Seattle school officials are using a $1 million grant to try to craft a comprehensive, K-12 arts curriculum — something that the district hasn't had in decades, if ever.
Kate Baker has gotten used to the screams and squeals that greet her every day.
Baker holds a near-celebrity status at Beacon Hill's Maple Elementary for a simple reason: She's the art teacher.
"They're always so excited," the 31-year-old said after a recent school day. "They want to know if they have art that day. Because they get joy from it."
Despite her popularity with students, Baker — like other art teachers across the city, state and country — fears her job may not exist next year. Amid budget cuts and an all-consuming focus on raising math and reading test scores, the arts have increasingly been pushed to the side despite their demonstrated academic and social benefits.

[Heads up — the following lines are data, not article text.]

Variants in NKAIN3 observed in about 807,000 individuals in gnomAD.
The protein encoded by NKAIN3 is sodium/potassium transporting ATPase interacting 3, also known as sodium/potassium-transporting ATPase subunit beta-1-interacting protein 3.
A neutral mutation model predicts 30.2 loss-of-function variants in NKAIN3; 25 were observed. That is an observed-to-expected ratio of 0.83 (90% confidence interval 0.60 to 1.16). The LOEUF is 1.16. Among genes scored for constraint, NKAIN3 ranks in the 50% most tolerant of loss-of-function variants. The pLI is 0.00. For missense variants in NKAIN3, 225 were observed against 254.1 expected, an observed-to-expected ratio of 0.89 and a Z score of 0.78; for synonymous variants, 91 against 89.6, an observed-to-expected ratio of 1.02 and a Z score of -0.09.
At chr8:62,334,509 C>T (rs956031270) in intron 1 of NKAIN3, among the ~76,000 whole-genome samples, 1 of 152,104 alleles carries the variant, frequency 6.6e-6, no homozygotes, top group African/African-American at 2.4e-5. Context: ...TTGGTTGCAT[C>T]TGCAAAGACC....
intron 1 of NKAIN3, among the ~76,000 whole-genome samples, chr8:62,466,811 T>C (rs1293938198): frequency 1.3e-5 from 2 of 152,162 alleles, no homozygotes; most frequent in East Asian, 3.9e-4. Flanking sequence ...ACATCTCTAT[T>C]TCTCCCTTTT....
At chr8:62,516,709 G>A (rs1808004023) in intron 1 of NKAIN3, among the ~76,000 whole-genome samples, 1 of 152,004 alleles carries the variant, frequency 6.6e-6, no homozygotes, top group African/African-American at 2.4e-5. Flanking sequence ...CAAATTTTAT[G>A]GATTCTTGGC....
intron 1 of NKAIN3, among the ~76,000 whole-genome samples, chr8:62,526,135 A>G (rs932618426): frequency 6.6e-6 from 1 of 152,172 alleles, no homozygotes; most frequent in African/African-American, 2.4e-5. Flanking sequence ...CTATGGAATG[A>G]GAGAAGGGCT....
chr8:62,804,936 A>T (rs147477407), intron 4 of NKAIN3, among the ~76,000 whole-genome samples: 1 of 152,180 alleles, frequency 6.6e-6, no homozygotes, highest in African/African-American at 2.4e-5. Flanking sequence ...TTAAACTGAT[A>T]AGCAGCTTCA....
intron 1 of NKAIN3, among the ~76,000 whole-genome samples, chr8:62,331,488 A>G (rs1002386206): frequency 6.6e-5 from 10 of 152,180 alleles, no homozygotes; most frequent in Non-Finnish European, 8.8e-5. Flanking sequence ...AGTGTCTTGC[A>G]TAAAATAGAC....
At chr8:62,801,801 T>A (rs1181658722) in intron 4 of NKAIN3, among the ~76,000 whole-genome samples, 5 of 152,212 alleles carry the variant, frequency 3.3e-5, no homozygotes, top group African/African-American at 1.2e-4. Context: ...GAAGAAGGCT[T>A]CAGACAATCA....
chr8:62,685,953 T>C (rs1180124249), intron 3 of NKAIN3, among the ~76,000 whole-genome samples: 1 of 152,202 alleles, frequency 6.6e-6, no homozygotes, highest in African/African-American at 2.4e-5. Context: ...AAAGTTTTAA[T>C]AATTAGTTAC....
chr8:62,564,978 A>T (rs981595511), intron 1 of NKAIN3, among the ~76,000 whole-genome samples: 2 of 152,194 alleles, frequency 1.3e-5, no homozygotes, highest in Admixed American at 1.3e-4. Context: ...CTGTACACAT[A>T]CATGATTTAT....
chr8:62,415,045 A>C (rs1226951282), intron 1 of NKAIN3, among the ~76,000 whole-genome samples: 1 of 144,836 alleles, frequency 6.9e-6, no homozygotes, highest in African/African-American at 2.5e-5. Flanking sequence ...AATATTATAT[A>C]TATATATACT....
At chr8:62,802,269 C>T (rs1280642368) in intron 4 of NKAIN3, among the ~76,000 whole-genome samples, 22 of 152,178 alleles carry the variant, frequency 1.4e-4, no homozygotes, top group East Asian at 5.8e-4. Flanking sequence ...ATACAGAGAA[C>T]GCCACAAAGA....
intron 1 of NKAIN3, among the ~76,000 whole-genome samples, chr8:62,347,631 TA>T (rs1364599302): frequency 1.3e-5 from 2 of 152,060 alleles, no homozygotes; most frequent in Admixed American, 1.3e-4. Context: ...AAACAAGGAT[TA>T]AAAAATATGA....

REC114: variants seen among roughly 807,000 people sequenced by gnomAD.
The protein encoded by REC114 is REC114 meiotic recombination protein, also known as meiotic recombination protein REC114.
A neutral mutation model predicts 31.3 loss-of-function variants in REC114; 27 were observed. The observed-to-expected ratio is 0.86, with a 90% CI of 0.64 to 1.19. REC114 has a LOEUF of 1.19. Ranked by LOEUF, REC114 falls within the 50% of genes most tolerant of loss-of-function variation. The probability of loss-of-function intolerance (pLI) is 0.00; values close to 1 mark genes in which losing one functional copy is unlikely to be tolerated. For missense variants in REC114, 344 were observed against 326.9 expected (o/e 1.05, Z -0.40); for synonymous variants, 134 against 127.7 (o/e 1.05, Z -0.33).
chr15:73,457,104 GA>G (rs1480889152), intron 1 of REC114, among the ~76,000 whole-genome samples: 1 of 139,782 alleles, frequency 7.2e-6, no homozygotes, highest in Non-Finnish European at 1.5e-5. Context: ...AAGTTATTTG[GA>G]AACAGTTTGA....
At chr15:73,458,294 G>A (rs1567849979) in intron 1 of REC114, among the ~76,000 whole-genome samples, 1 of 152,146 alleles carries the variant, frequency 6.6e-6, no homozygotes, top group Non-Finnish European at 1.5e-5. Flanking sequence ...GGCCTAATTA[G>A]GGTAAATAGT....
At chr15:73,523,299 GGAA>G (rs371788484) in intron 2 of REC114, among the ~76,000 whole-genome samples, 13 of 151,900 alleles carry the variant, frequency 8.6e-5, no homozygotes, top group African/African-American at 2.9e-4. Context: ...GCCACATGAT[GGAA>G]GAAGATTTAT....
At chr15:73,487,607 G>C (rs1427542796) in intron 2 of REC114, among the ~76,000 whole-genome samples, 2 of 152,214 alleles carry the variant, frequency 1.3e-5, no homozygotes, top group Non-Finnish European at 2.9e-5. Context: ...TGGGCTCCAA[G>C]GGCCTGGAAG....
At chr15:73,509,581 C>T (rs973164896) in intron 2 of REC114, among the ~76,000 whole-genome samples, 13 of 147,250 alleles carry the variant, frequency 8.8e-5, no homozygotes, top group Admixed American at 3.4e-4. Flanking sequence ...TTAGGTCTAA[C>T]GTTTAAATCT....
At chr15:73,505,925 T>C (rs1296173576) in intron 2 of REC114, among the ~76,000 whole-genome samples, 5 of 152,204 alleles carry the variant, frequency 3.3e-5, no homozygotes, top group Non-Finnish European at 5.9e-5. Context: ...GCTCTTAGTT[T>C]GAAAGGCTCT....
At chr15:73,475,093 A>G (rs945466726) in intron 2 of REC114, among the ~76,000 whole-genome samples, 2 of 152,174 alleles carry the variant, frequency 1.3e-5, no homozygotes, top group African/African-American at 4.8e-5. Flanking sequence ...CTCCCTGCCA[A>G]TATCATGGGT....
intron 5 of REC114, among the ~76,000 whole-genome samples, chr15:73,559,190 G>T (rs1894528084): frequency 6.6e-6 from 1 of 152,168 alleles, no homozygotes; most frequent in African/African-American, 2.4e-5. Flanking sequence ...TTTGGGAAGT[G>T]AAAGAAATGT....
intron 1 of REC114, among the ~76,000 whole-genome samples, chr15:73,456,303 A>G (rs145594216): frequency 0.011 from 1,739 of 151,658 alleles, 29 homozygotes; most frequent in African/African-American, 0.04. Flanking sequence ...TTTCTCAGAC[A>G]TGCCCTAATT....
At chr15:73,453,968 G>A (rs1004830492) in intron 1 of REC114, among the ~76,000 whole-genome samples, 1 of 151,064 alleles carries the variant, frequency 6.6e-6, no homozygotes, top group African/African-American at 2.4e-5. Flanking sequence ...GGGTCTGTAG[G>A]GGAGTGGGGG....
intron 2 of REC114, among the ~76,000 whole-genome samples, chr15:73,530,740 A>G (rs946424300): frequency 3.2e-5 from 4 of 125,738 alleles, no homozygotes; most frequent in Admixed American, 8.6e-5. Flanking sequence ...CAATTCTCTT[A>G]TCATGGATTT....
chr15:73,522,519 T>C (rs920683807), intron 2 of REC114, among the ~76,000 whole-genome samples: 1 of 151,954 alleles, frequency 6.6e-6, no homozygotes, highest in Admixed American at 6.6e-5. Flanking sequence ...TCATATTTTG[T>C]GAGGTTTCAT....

In Seattle, where a tradition of delegating decisions to individual schools holds sway, students' access to the arts varies widely — and often depends on parent fundraising.
"If your school has money or if you have a principal who's a real proponent of the arts, then you get it," Baker said. "And if you're not in one of those two groups, then you don't."
More than 20 percent of the city's public-elementary schools fall into the latter category, according to an internal school-district survey that will be released next month. About half of middle- and high-school students are enrolled in an arts class, according to the survey.
In general, white students in wealthy areas are more likely to have access.